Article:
The Lunch Wrap | FT Alphaville

The Lunch Wrap

Good morning, New York. Clocks moved forward yesterday for those in the US. As Europe won’t do the same for another two weeks, this is that blissful period of time when finding mutually convenient times for transatlantic conference calls is a lot less angsty.

FT Alphaville

CDS contracts on Greece were triggered late on Friday, as declared by the Isda Determinations Committee. The auction is going to be held on March 19. However, there are a few weird contracts out there that may have to be settled outside the normal auction process.

Izzy looked at the implications of the Greek bond swap, going over some research by the team at JP Morgan, mainly as it pertains to the sustainability of the sovereign’s debt.

Property-related investment in China had a strong showing over the last two months compared to other fixed asset investments. Kate looks into government restrictions on property growth, and how that may influence the market.

This morning, Paul reports that Temenos has seemingly walked away from Misys, despite the encouragement of the latter’s largest shareholder, ValueAct Capital Partners. And Gulf Keystone’s prospect in Kurdistan keeps getting bigger. And Tchibo goes for brightly coloured coffee machines to get competitive — a story with a most peculiar Bloomberg headline.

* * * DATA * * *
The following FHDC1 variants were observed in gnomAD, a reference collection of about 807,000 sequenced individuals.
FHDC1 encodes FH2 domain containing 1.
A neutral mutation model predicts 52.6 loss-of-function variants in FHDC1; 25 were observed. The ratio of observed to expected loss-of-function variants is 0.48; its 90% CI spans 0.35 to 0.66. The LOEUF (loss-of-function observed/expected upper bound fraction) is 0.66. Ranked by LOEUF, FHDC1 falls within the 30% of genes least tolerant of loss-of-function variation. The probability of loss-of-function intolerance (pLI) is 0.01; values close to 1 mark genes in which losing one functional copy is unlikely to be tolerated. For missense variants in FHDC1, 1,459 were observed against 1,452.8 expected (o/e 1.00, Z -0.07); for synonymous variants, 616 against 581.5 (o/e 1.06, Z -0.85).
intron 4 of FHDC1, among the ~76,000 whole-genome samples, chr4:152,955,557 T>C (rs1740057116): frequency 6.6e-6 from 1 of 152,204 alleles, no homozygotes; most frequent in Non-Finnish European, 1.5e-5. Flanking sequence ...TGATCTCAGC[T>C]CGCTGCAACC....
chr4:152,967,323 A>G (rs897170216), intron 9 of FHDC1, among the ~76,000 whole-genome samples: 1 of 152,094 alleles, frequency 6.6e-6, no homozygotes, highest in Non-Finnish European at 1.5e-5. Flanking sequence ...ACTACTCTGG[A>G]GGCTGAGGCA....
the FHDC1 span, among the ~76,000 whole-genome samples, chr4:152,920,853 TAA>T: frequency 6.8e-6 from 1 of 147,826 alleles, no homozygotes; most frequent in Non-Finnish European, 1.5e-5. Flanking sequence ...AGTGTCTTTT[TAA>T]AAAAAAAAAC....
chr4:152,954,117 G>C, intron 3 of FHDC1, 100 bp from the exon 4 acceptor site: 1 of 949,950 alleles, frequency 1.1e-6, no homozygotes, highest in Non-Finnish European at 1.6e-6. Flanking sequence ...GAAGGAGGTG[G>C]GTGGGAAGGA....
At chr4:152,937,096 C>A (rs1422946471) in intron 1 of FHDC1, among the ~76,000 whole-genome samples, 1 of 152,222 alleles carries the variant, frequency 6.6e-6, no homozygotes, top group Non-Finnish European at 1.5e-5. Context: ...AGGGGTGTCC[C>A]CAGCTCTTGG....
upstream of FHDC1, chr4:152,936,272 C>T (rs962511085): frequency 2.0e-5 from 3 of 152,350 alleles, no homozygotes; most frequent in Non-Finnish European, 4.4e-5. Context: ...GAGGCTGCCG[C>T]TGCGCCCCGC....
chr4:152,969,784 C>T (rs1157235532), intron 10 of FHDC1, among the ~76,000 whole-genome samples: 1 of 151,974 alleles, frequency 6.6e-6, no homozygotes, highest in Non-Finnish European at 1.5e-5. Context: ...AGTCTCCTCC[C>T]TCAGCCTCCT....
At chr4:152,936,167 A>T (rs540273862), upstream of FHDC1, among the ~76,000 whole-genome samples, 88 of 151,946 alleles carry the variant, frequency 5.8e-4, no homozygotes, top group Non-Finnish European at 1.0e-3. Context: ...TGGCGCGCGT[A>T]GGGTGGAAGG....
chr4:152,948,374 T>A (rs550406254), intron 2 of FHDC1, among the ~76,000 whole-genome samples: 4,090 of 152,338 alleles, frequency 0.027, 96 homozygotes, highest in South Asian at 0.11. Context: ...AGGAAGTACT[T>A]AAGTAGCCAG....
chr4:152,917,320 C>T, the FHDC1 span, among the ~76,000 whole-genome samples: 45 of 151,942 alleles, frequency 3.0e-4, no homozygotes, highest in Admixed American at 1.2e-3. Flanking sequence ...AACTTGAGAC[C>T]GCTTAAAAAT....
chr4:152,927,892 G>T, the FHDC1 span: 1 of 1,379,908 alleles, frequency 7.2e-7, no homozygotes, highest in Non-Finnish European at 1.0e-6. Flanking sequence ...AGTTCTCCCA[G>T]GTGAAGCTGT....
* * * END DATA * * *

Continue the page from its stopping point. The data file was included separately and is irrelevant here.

FT AV’s Markets Live

Join Paul and Bryce in discussing the latest on Greece, GKP, and Cove over on Markets Live starting at 11am London Time, 7am New York.


The second Greek bailout is set to be approved in Brussels today, after last week’s successful bond swap. The conditions of the bailout are designed to reduce Greece’s debt-to-GDP ratio to 120.5 per cent by 2020. Spain is also top of the agenda in Brussels after Prime Minister Mariano Rajoy raised his country’s budget deficit goal from 4.4 to 5.8 per cent for 2012, while keeping the 2013 target at 3 per cent. (Bloomberg) But will the release of the second bail-out only provide a short-lived reprieve? (Reuters)

In Italy, Prime Minister Mario Monti tackles labour reform, and will attempt to boost the market by making it easier to hire and fire. (Bloomberg)

Republican candidate watch: Santorum easily wins Kansas, Romney takes Wyoming to extend his delegate lead, which is 442 to Santorum’s 214. (WSJ)

The tax man offers some financial relief for those who have lost homes and businesses in natural disasters in the US this year and last. (Reuters)

Disappointing export growth in China have put a dampener on equities and commodities this morning, off-setting Friday’s better-than expected jobs data out of the US. (FT’s Global Market Overview)

Non-financials have been issuing record amounts in bond markets this year. (FT)

US bank dividends are set to double, as may share buybacks, as the Fed releases results of the latest round of stress tests. (FT)

Raised capital requirements did add to eurozone pressures, says BIS. The requirement for Europe’s largest banks to buttress their capital buffers and raise their tier one capital ratios to 9 per cent by June of this year had destabilised the system by bringing fears of a drop-off in lending and a rise in asset sales “to the forefront of financial market concerns”. (FT)

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